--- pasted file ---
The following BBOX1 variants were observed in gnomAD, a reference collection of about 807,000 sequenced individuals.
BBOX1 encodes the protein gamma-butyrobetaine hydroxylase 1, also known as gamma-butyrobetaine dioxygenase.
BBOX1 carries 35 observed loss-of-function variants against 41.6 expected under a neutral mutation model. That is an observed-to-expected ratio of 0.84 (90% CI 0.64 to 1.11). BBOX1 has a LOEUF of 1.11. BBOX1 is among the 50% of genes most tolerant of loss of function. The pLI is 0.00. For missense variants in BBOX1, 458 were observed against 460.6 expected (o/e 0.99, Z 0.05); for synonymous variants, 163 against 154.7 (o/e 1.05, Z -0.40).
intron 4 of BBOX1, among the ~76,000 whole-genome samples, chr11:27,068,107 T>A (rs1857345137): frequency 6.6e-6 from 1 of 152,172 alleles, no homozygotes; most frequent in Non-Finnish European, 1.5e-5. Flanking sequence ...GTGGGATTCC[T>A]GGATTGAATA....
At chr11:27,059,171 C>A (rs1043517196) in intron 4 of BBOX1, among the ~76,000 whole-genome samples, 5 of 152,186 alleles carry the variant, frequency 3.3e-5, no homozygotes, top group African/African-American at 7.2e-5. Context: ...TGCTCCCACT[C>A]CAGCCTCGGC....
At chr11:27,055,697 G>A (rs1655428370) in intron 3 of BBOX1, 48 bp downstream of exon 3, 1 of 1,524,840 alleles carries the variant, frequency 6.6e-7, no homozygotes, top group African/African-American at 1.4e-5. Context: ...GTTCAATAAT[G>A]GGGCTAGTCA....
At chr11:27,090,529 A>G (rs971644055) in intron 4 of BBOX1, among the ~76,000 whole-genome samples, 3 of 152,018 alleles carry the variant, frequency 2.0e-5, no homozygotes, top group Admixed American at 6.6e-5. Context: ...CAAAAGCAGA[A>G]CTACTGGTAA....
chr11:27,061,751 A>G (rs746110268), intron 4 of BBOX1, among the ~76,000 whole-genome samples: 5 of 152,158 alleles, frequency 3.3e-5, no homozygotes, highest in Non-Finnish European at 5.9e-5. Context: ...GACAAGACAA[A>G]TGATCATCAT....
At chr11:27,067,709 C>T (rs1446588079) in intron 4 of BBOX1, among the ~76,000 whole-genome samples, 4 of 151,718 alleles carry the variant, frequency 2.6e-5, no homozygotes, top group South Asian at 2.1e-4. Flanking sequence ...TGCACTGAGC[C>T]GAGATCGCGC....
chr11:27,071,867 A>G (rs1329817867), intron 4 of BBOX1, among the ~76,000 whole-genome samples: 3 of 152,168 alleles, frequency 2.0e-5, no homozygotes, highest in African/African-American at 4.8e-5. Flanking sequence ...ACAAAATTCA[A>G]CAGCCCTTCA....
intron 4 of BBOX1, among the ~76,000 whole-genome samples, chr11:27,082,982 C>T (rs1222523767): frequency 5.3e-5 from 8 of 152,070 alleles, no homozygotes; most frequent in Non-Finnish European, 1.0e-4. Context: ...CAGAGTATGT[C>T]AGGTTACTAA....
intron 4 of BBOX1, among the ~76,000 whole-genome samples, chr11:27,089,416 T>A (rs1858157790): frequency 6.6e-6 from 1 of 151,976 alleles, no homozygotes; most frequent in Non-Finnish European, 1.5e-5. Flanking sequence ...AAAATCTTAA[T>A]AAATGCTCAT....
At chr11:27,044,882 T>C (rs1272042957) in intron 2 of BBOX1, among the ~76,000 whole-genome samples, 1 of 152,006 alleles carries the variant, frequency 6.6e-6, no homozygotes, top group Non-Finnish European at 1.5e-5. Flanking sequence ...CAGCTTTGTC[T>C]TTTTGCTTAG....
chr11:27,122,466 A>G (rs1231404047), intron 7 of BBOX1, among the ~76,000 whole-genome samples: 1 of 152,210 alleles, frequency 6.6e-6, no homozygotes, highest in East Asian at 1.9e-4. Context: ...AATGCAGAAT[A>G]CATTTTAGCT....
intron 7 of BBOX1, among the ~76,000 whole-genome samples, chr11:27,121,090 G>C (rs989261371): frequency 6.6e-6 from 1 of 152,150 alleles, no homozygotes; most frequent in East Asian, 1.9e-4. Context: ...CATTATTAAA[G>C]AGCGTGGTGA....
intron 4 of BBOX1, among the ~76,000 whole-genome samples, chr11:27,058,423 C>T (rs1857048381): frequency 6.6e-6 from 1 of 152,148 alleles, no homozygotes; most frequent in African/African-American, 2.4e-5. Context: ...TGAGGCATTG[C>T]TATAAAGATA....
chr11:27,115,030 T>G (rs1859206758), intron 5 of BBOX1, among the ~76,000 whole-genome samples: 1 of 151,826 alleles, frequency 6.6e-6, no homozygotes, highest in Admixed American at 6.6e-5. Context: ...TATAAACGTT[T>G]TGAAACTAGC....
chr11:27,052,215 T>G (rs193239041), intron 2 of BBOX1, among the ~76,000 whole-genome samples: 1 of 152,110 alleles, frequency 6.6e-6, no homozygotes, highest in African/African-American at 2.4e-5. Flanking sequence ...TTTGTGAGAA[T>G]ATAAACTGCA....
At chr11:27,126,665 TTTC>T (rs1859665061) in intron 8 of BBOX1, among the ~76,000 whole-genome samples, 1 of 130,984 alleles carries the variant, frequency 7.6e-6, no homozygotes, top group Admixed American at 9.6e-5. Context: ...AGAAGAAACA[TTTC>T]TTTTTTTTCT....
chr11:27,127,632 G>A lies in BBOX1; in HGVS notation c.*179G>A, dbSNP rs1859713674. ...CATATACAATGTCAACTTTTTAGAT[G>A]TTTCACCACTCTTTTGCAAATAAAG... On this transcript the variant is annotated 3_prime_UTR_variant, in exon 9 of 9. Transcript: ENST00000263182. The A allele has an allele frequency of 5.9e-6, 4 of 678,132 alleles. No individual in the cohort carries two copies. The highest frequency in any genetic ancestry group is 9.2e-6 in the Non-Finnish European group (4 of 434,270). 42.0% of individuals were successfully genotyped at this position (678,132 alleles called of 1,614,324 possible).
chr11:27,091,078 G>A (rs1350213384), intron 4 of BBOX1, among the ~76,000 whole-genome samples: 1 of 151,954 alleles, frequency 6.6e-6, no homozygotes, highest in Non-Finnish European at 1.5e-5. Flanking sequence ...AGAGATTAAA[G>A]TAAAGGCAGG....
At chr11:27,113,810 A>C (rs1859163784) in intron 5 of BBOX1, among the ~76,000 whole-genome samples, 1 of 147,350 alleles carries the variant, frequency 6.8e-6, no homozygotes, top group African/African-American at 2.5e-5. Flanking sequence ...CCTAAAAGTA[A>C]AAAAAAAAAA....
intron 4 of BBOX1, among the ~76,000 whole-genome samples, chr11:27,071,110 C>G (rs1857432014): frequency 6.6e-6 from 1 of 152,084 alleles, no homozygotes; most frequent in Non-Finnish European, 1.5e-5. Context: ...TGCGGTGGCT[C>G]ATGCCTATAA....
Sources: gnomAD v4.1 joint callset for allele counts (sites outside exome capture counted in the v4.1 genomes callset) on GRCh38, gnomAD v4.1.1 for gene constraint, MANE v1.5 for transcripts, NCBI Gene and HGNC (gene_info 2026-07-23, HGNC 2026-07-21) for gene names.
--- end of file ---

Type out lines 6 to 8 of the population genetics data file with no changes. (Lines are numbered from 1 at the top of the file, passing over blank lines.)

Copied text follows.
At chr11:27,055,697 G>A (rs1655428370) in intron 3 of BBOX1, 48 bp downstream of exon 3, 1 of 1,524,840 alleles carries the variant, frequency 6.6e-7, no homozygotes, top group African/African-American at 1.4e-5. Context: ...GTTCAATAAT[G>A]GGGCTAGTCA....
At chr11:27,090,529 A>G (rs971644055) in intron 4 of BBOX1, among the ~76,000 whole-genome samples, 3 of 152,018 alleles carry the variant, frequency 2.0e-5, no homozygotes, top group Admixed American at 6.6e-5. Context: ...CAAAAGCAGA[A>G]CTACTGGTAA....
chr11:27,061,751 A>G (rs746110268), intron 4 of BBOX1, among the ~76,000 whole-genome samples: 5 of 152,158 alleles, frequency 3.3e-5, no homozygotes, highest in Non-Finnish European at 5.9e-5. Context: ...GACAAGACAA[A>G]TGATCATCAT....